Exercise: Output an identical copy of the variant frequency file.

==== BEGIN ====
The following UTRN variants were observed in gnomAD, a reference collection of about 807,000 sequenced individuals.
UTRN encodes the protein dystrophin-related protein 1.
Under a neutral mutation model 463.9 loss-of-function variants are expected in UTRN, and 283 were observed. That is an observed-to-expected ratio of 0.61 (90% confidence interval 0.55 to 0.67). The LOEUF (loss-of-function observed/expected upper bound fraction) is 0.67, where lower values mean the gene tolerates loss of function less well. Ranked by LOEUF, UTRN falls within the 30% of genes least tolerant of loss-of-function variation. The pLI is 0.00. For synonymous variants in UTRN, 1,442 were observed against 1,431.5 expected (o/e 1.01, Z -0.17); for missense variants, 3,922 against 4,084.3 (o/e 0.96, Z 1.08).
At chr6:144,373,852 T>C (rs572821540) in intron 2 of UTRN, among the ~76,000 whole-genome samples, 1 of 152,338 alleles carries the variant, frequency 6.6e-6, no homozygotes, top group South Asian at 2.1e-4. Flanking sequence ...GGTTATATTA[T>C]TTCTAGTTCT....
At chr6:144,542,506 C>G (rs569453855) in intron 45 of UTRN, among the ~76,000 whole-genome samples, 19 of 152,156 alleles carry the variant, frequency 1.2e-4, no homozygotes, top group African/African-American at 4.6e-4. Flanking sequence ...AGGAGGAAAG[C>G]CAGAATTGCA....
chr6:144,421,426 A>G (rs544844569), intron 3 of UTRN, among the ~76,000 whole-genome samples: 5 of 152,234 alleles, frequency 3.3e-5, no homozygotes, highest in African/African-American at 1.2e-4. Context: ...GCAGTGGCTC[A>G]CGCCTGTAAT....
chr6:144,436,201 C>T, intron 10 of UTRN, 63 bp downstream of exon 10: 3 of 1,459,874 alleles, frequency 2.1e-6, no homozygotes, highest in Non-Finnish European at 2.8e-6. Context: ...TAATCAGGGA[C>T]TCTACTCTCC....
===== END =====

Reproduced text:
The following UTRN variants were observed in gnomAD, a reference collection of about 807,000 sequenced individuals.
UTRN encodes the protein dystrophin-related protein 1.
Under a neutral mutation model 463.9 loss-of-function variants are expected in UTRN, and 283 were observed. That is an observed-to-expected ratio of 0.61 (90% confidence interval 0.55 to 0.67). The LOEUF (loss-of-function observed/expected upper bound fraction) is 0.67, where lower values mean the gene tolerates loss of function less well. Ranked by LOEUF, UTRN falls within the 30% of genes least tolerant of loss-of-function variation. The pLI is 0.00. For synonymous variants in UTRN, 1,442 were observed against 1,431.5 expected (o/e 1.01, Z -0.17); for missense variants, 3,922 against 4,084.3 (o/e 0.96, Z 1.08).
At chr6:144,373,852 T>C (rs572821540) in intron 2 of UTRN, among the ~76,000 whole-genome samples, 1 of 152,338 alleles carries the variant, frequency 6.6e-6, no homozygotes, top group South Asian at 2.1e-4. Flanking sequence ...GGTTATATTA[T>C]TTCTAGTTCT....
At chr6:144,542,506 C>G (rs569453855) in intron 45 of UTRN, among the ~76,000 whole-genome samples, 19 of 152,156 alleles carry the variant, frequency 1.2e-4, no homozygotes, top group African/African-American at 4.6e-4. Flanking sequence ...AGGAGGAAAG[C>G]CAGAATTGCA....
chr6:144,421,426 A>G (rs544844569), intron 3 of UTRN, among the ~76,000 whole-genome samples: 5 of 152,234 alleles, frequency 3.3e-5, no homozygotes, highest in African/African-American at 1.2e-4. Context: ...GCAGTGGCTC[A>G]CGCCTGTAAT....
chr6:144,436,201 C>T, intron 10 of UTRN, 63 bp downstream of exon 10: 3 of 1,459,874 alleles, frequency 2.1e-6, no homozygotes, highest in Non-Finnish European at 2.8e-6. Context: ...TAATCAGGGA[C>T]TCTACTCTCC....